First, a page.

Monday, February 27, 2012

Only in the Philippines

...would the inflight entertainment on a major national airline consist of calling for volunteers to sing unaccompanied Karaoke into the intercom.
...would people get up & do it.
...would you see guys walking in between stopped traffic to sell, not garlands of flowers, gum or cigarettes, but a whole tray of bonsai trees.

Thursday, February 23, 2012

The walk to work

Leave the apartment, check the lock.  Nearly called a locksmith last week.

Down 16 floors. Say “Good morning!” to the security guard as he opens the door. Sling the backpack diagonally across my front and out into the heat.
Left is the laundry service, four money changers, the most famous bar in Manila, and Kink Cakes, which sells exactly what you think it does.

Right is the way to the office.
Along the side of the shopping mall, closed at this hour. Stay to the right of the footpath, anything else confuses everybody.
Past the crowd outside the recruitment agency, spruiking dreams and jobs in the Middle East.
Down the 50cm step from footpath to road, helpfully matched with a wheelchair symbol on the other side.
Past the fallen tree, the Philippine Airlines training centre, the pedocab drivers asleep in their cabins while early 90s pop blasts from their speakers.
Right, and cross the road with care, between gaps in the jeepneys and motorbikes. Past the construction site proudly proclaiming, “182 days without recordable loss of work incident!” - as it has read for the last two weeks. Contemplate the use of the word, “recordable.”
Left again, past veggie stalls, cigarette stands, disabled beggars and the Supreme Court.

Right onto United Nations Avenue. We are the only UN agency in the street. Fight through the largest crowd, outside a “clearance centre.” This could be interpreted as referring to its demolition site appearance, but it is where all jobseekers must apply for a security check. The five-year-old kids do a brisk trade in Black Ballpens here.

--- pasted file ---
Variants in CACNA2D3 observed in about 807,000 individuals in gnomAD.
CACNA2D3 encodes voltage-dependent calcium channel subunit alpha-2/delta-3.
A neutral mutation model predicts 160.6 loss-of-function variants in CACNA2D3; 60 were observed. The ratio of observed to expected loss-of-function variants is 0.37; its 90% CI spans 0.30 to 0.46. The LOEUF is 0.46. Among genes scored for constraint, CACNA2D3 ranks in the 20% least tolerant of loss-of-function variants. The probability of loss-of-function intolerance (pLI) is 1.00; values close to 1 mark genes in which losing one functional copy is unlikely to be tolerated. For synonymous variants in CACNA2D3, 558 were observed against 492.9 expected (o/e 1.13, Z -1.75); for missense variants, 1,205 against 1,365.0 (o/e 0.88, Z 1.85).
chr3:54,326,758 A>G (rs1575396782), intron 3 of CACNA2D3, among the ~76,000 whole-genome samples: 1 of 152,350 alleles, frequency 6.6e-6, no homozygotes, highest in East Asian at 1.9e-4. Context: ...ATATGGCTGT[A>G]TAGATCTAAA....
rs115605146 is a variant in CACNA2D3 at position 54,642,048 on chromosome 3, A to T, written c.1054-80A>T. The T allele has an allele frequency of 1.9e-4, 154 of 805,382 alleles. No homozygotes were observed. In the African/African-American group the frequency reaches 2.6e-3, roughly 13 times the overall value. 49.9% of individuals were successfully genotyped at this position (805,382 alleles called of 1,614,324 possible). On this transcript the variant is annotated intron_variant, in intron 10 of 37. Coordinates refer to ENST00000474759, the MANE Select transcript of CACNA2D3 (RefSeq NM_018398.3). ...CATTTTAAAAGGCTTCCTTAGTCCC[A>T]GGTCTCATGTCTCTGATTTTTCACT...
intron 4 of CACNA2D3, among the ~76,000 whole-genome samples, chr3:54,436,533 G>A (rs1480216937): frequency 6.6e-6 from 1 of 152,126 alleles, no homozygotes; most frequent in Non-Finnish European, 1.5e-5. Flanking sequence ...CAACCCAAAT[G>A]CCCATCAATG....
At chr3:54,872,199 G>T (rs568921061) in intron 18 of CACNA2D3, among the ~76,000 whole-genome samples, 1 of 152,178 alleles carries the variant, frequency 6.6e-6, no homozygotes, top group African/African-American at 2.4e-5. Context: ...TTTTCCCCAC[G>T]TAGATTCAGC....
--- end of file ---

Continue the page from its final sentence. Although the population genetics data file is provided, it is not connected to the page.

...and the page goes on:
And here we are, another smiling security guard, through the metal detector and into the compound: green lawns, regional flags, the walkway flanked by a koi pool with resident tortoises.

On the way home, more than half the trip is through the mall.

Thursday, February 16, 2012

Hepatitis B - so what?

Hep B isn't the most obvious disease to choose. In Australia, we tend to think of it as a blood infection to avoid, but (even in the medical world) aren't really that aware of the consequences. The idea of a "carrier" implies that that person is pretty healthy, really, but not that they are themselves at risk.
  • One in four people chronically infected with hepatitis B will die of liver failure or liver cancer
  • Approximately 278,000 people in our region die from the consequences of hep B per year
  • Babies whose mothers are infected have a 90% chance of contracting hep B
  • A vaccine dose at birth is the best way to prevent lifelong infection 
  • Almost half of the people in the world with chronic hep B infection live in the Western Pacific region (which Australia is in).
Access to the birth dose vaccine, in many settings, can tell us about women's access to skilled birth attendants and the perinatal care system.

In Laos, 80% of women give birth without a skilled attendant. Less than 30% have any antenatal or postnatal care. About one in ten children die before their fifth birthday, although this number is falling. And the total government spending on health care is about US$1.90 per person. Per year.

Laos isn't going to meet the regional hepatitis B control milestone. It's not hard to see why. But in some ways, an international push for one priority can focus attention on others.